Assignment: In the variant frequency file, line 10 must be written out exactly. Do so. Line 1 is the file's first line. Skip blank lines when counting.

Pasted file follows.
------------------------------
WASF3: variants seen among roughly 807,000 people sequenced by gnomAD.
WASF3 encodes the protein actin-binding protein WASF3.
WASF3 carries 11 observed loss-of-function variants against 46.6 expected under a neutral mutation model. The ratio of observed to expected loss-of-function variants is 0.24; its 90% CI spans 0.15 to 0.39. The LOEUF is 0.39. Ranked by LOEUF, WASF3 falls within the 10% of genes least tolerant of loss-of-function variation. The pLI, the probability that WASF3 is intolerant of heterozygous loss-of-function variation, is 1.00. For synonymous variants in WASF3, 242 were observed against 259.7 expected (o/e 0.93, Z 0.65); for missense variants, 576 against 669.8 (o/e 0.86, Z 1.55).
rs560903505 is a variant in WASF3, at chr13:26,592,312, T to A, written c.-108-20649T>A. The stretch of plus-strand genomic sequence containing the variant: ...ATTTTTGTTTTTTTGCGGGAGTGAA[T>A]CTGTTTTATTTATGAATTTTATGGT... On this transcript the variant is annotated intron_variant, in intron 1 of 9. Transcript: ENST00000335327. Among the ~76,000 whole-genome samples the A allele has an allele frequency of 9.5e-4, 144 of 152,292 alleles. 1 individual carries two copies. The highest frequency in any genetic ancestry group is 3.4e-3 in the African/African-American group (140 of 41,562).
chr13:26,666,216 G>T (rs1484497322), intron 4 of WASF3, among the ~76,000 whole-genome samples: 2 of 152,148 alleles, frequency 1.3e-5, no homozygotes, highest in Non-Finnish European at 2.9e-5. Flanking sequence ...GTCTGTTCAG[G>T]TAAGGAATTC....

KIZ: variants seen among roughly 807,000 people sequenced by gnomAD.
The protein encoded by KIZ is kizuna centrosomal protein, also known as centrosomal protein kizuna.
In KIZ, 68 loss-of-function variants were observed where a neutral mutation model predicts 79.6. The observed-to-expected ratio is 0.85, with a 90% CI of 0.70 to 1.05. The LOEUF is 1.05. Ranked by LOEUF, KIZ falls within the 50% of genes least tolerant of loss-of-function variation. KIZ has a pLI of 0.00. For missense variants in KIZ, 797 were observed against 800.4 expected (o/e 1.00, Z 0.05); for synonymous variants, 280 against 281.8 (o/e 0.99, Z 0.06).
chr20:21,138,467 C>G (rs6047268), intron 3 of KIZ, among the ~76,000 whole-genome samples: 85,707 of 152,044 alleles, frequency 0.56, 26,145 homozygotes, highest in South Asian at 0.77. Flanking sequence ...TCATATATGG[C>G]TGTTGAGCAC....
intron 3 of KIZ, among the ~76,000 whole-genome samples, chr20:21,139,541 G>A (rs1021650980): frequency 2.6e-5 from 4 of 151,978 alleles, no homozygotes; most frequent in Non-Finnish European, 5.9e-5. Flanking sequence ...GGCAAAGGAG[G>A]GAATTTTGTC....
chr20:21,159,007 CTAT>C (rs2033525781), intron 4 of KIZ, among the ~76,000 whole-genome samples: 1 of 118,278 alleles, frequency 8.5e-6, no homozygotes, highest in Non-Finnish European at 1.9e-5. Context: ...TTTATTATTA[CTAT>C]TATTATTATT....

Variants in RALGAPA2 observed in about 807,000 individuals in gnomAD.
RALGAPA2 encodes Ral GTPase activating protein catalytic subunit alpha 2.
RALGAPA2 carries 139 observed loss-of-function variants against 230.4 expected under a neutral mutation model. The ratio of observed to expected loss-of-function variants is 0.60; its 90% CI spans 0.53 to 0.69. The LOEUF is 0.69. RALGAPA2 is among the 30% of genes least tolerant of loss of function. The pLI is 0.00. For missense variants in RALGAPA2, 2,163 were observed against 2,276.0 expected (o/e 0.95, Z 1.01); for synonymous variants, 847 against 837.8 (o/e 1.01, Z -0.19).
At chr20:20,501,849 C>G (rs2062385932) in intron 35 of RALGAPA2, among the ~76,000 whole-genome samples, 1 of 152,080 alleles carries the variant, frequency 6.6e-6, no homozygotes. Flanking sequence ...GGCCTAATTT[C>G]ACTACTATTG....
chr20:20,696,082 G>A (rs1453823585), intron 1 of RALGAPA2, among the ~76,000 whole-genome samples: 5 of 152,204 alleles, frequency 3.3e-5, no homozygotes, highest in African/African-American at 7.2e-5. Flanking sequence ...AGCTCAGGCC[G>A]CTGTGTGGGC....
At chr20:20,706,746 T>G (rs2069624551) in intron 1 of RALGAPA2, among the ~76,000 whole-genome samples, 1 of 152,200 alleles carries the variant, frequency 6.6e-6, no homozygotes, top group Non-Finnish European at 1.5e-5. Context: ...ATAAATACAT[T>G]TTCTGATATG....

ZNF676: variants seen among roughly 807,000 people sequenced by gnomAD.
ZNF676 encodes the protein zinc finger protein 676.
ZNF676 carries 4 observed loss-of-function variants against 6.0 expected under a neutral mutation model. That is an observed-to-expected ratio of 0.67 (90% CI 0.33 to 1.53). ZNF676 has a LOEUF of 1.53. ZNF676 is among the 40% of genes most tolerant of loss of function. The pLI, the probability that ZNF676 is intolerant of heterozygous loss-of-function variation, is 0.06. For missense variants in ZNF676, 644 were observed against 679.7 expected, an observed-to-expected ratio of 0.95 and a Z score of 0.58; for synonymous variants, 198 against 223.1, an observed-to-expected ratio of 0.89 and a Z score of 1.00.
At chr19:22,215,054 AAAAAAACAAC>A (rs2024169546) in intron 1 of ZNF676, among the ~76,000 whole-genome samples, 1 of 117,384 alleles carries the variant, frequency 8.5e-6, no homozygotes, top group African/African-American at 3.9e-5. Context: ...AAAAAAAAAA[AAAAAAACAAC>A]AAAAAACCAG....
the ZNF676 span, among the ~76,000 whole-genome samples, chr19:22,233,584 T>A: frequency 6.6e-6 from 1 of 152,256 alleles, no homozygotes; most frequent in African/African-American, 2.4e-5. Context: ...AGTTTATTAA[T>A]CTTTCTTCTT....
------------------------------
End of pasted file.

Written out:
intron 3 of KIZ, among the ~76,000 whole-genome samples, chr20:21,139,541 G>A (rs1021650980): frequency 2.6e-5 from 4 of 151,978 alleles, no homozygotes; most frequent in Non-Finnish European, 5.9e-5. Flanking sequence ...GGCAAAGGAG[G>A]GAATTTTGTC....